‘That’s never you,’ he said, ‘Far too pretty.’

I couldn’t actually decide if this was some clumsy attempt at a chat up line or if he was just a total asshole. I snapped the ID back in my wallet, glowered, and hurried into the room ahead of me. Abbie propelled me to the bar and ordered two vodka and cokes.

‘What a fucking jerk!’ said Abbie in my ear, having to shout above the din.

I shrugged and downed the vodka in one and then dragged Abbie to the dance floor. It was wonderful to dance, to let go. I felt my cares disappear as my body moved. Nothing mattered except the music and me. I was lost in a trance, in a dream. I felt totally free. I didn’t care what people thought of me or how I looked. I danced and danced with no sense of time. After who knows how long I suddenly felt tired so looked for somewhere to sit. There was a corner of a sofa free so I perched on it, catching my breath. Abbie was nowhere to be seen. I became aware of someone looking at me and turned my head towards the feeling. It was the Asian student from the other day staring at me intently, the one from the coffee bar. He smiled when he saw me look back. I snapped my head away from his direction as fast as I could and scanned the room for Abbie. I STILL couldn’t see her. I sat back in my seat and closed my eyes, feeling suddenly nauseous. I would just have to go home. I had had way too much vodka. I opened my eyes again but the room began to spin. It was better to close them again. I became aware of someone holding onto my hands. I flicked my eyes open again in shock and saw it was him, the Asian guy from the coffee bar. He smiled and leaned in to speak to me.

‘Hi I’m Taj. Are you ok? You seem a bit drunk,’ he said.

I felt myself stiffen in shock.

‘Yes I am fine. Absolutely fine. I’ve lost my friend,’ I said.

My mind registered the fact he was called Taj.

Taj.

It suited him.

‘Come dance with me. It’ll make you feel better. I promise,’ he said.

He didn’t wait for an answer and I felt myself being dragged to the dance floor. Taj was holding me up and I was very close to him. As he was taller than me I could just see his shirt and my face was pressed against the hairs coming out of the top of it. I could smell his aftershave, something spicy and expensive smelling, subtle. We were swaying around together as if there was old-fashioned music playing when really it was fast, thumping dance grooves. Normally, I would have pulled away by now but I suddenly felt safe and warm and I had no need to free myself. Everything was okay. I had no idea how long the dancing went on but as he gripped me ever tighter I realised I had never been this close to a man before apart from Miles. He felt completely different to Miles though. I could feel myself attracted to him in spite of inner resistance as if something animal was rising within me, something I had never allowed myself to let free rein to before.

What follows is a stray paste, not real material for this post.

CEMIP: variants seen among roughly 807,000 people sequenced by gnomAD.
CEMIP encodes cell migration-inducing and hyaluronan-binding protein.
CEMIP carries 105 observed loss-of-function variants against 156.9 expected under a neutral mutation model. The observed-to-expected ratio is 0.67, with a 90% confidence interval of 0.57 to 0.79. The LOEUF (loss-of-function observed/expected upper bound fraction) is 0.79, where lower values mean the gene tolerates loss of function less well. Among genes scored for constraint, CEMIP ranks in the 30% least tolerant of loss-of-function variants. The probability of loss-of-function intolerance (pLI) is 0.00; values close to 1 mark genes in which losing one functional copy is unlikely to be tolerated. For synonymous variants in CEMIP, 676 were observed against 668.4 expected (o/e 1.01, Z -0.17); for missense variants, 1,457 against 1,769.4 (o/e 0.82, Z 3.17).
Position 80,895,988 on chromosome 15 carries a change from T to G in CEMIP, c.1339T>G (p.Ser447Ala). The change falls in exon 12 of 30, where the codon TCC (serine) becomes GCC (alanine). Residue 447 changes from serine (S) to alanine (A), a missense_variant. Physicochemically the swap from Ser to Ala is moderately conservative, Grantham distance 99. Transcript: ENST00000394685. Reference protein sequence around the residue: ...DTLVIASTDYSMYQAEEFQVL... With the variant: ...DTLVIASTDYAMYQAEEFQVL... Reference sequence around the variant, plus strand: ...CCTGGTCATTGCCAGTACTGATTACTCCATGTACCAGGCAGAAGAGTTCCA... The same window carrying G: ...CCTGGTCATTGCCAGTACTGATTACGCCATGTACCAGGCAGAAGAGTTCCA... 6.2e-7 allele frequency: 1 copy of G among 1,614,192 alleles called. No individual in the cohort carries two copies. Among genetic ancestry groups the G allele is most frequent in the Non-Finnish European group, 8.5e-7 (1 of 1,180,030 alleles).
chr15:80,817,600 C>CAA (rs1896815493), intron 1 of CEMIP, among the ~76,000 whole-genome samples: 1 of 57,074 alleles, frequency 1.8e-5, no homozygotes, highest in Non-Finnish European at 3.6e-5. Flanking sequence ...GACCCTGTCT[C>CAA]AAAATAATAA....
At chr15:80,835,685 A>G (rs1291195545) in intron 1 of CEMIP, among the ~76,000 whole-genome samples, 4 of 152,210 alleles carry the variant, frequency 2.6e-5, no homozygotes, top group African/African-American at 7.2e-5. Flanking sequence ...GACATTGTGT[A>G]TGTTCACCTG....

The next thing I remember we were outside in the street and Taj was making me drink a bottle of water. I could feel myself swaying and I had to concentrate on not falling over.

‘Oh no. How did this happen? You must think I am really stupid,’ I said.

‘No, not at all. You just had too much to drink. It happens. I don’t really drink myself,’ Taj said.

‘I need to go home,’ I said.

‘I can drive you. My car is around the corner,’ he said.

‘No, no. Please don’t bother. I am fine. I can get a taxi,’ I said realising that I had no money for a taxi but I wasn’t going to tell him that.

He didn’t reply but just steered me along the road until we reached a black jeep Cherokee. It was huge and very shiny and clean. It looked like something a rap star would drive, a little over the top for a student in Manchester.

Taj pressed a key fob and opened the door.

‘Isn’t this a bit pretentious? Is it really your car?’ I said and then instantly regretted it, realising I shouldn’t be antagonising my rescuer. A little voice somewhere deep inside of me was telling me I shouldn’t be getting in the car of a complete stranger but another voice was also telling me I didn’t have much option given the state I was in.